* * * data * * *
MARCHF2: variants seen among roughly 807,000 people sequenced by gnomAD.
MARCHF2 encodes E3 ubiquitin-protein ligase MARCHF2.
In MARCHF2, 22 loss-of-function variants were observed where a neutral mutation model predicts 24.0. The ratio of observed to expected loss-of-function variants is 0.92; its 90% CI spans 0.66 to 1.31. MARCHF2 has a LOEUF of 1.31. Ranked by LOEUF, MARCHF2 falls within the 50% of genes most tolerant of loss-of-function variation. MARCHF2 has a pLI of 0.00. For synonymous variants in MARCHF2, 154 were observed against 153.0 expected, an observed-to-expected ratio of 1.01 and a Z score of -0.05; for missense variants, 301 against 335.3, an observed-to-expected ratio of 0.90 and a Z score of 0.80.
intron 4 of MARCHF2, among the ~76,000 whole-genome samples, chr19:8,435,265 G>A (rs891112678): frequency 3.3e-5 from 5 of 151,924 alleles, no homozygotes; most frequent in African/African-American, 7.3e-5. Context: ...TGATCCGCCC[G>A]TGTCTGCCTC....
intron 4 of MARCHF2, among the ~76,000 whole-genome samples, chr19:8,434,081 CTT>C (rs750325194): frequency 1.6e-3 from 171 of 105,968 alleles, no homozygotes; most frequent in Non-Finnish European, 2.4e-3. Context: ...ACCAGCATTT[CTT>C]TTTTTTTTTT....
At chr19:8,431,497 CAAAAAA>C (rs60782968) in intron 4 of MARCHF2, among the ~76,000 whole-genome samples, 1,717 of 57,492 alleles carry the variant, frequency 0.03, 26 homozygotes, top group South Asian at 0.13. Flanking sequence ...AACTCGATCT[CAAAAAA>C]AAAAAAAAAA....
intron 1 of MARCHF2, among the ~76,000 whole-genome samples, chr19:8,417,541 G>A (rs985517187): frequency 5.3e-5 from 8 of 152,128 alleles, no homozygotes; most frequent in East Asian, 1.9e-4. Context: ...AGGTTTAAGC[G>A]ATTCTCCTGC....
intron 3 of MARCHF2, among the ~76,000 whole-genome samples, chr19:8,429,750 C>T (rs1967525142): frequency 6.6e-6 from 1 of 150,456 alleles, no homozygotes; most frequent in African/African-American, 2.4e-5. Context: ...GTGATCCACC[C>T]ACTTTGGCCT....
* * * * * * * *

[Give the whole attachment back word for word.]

MARCHF2: variants seen among roughly 807,000 people sequenced by gnomAD.
MARCHF2 encodes E3 ubiquitin-protein ligase MARCHF2.
In MARCHF2, 22 loss-of-function variants were observed where a neutral mutation model predicts 24.0. The ratio of observed to expected loss-of-function variants is 0.92; its 90% CI spans 0.66 to 1.31. MARCHF2 has a LOEUF of 1.31. Ranked by LOEUF, MARCHF2 falls within the 50% of genes most tolerant of loss-of-function variation. MARCHF2 has a pLI of 0.00. For synonymous variants in MARCHF2, 154 were observed against 153.0 expected, an observed-to-expected ratio of 1.01 and a Z score of -0.05; for missense variants, 301 against 335.3, an observed-to-expected ratio of 0.90 and a Z score of 0.80.
intron 4 of MARCHF2, among the ~76,000 whole-genome samples, chr19:8,435,265 G>A (rs891112678): frequency 3.3e-5 from 5 of 151,924 alleles, no homozygotes; most frequent in African/African-American, 7.3e-5. Context: ...TGATCCGCCC[G>A]TGTCTGCCTC....
intron 4 of MARCHF2, among the ~76,000 whole-genome samples, chr19:8,434,081 CTT>C (rs750325194): frequency 1.6e-3 from 171 of 105,968 alleles, no homozygotes; most frequent in Non-Finnish European, 2.4e-3. Context: ...ACCAGCATTT[CTT>C]TTTTTTTTTT....
At chr19:8,431,497 CAAAAAA>C (rs60782968) in intron 4 of MARCHF2, among the ~76,000 whole-genome samples, 1,717 of 57,492 alleles carry the variant, frequency 0.03, 26 homozygotes, top group South Asian at 0.13. Flanking sequence ...AACTCGATCT[CAAAAAA>C]AAAAAAAAAA....
intron 1 of MARCHF2, among the ~76,000 whole-genome samples, chr19:8,417,541 G>A (rs985517187): frequency 5.3e-5 from 8 of 152,128 alleles, no homozygotes; most frequent in East Asian, 1.9e-4. Context: ...AGGTTTAAGC[G>A]ATTCTCCTGC....
intron 3 of MARCHF2, among the ~76,000 whole-genome samples, chr19:8,429,750 C>T (rs1967525142): frequency 6.6e-6 from 1 of 150,456 alleles, no homozygotes; most frequent in African/African-American, 2.4e-5. Context: ...GTGATCCACC[C>T]ACTTTGGCCT....